Trade deficit up more than 8 percent in May

Trade deficit up more than 8 percent in May
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The U.S. trade deficit in May rose a sharp $4.3 billion, or 8.4 percent, to reach $55.5 billion, despite efforts by President TrumpDonald John TrumpDemocrats ask if they have reason to worry about UK result Trump scramble to rack up accomplishments gives conservatives heartburn Seven years after Sandy Hook, the politics of guns has changed MORE to increase the country's net exports.

While exports were up 2 percent from April, reaching $210.6 billion, imports were up even higher at $266.2 billion, a 3.3 percent increase from April.

All in all, the deficit for the first five months of the year increased $14.7 billion, or 6.4 percent, from the same period in 2018.

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Trump has imposed a slew of tariffs on trading partners as a pressure tactic to pursue both economic and political goals. The most significant tariffs were on $250 billion of Chinese imports to the United States, though tariffs have also affected Mexico, Canada and the European Union, to name a few.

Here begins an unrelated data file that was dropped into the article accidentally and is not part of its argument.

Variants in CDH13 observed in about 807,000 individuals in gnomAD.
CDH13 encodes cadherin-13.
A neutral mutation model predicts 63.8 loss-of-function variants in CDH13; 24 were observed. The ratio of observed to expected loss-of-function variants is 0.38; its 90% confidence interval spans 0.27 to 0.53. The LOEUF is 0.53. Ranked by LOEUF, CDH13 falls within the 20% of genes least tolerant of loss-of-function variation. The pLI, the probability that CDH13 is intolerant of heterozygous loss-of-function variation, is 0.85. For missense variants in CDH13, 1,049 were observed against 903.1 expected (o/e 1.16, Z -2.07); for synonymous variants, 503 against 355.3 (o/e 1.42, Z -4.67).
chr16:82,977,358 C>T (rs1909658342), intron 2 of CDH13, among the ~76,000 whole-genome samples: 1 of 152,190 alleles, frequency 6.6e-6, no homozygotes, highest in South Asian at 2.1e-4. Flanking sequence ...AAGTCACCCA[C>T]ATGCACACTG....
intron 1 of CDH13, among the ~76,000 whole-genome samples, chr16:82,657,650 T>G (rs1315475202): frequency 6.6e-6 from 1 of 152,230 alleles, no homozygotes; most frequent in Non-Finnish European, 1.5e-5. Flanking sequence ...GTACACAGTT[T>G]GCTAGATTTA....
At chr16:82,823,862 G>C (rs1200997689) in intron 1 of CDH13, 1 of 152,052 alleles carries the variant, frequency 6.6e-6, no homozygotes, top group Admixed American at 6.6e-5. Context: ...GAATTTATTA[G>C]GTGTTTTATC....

Many of the affected countries have introduced their own countermeasures, imposing tariffs on U.S. exports.

Last week, Trump agreed to put off a new round of tariffs on Chinese imports and restart negotiations on a trade deal. His administration has also continued to push Congress to approve an update to the North American Free Trade Agreement, called the United States-Mexico-Canada Agreement.

House Democrats are seeking changes to the agreement that would improve enforcement mechanisms and strengthen labor and environmental standards.